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Expert comment on HS2 Report by the House of Lords Economic Affairs Committee

synnottDr Michael Synnott, Senior Teaching Fellow at Warwick Business School has made the following comments following a report by the House of Lords Economic Affairs Committee questioning the £50bn cost of the HS2 rail line.

“The Economics Affairs Committee have identified all of the problems with the HS2 case up until now, namely there is no clear demand, the lack of an integrated transport policy and the cost, especially as plausible alternatives exist – for example, running point to point trains on the existing track.

“But, what the committee does not seem to be too concerned about is why? Why the all-party consensus on HS2 – although we are now seeing signs of wobbling as they all think about disgruntled electors in the run up to the election.

“Three reasons may be advanced: most significantly of all is the need to upgrade our freight distribution systems. Earlier this year there was widespread media coverage and excitement about the container ship Globe docking at Felixstowe in Suffolk. According to reports, Globe can carry 186,000 tons. When a ship such as Globe unloads its load would form a single line measuring 72 miles, Birmingham to Manchester.

“The world's shipping lines are replacing their legacy fleets with new, more efficient and larger vessels like the Globe because they are more cost-effective. But there is a knock-on effect.

“The ports at London and Southampton are being dredged to accommodate the new mega ships, but the challenge is the ability to distribute the loads brought by these new mega ships. Consequently, there is currently a lot of strategic thinking about the regeneration of hub cities in the UK – witness the recent developments in Manchester and plans unveiled by the Chancellor’s recent budget.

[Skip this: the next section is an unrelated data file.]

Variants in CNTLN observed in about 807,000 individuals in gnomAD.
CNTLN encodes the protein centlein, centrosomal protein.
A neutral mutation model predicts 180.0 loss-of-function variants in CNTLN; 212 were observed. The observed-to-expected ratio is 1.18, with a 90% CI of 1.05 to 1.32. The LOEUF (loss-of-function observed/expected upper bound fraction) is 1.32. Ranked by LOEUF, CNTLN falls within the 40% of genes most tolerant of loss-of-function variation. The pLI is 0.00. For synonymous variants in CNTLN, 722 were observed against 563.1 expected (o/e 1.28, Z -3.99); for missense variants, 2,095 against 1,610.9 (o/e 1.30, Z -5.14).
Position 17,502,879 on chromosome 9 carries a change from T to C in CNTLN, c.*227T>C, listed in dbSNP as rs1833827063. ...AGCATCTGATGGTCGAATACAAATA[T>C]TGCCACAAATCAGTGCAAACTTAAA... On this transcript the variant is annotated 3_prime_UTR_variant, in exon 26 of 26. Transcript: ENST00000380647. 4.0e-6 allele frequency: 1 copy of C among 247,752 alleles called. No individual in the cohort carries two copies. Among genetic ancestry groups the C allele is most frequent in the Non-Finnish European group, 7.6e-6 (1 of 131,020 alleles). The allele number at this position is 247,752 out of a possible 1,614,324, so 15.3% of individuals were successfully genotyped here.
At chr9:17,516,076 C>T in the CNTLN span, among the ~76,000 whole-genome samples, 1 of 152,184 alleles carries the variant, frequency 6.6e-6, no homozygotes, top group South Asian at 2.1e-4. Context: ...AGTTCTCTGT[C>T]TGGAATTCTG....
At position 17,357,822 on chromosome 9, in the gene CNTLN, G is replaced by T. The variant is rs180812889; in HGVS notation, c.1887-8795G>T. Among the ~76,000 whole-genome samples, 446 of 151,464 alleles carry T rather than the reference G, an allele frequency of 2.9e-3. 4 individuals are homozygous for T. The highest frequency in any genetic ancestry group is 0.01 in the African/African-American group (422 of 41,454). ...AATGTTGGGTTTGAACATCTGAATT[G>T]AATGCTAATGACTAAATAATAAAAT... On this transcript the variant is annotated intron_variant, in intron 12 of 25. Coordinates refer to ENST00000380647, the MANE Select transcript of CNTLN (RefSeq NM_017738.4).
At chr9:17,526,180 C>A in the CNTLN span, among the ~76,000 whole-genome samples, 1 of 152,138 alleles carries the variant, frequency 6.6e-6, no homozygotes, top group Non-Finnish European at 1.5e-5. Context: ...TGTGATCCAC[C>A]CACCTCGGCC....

“However, the policy makers believe that over the next 10 years peak capacity on the existing rail network will be reached. HS2 is seen to provide a relief to primary freight traffic but more widespread investment in rail will be required long term.

“Secondly, there is an urgent need to find long term medium risk and dividend paying investments for the pension industry. The dearth of such investments is beginning to worry all investors.

“Finally, the plan does bring important gains to Government just by talking about HS2. At no real cost, there is the appearance of vision. There is also the appearance of concern about a divided Britain and there is at least the appearance of some stance on the environment.

To arrange an interview with Dr Synnott, please contact Ashley Potter, Warwick Business School, +44 (0)24 7657 3967, +44 (0)7733 013264,

To arrange an interview with Michael Synnott, please contact Ashley Potter, Warwick Business School, +44 (0)24 7657 3967, +44 (0)7733 013264,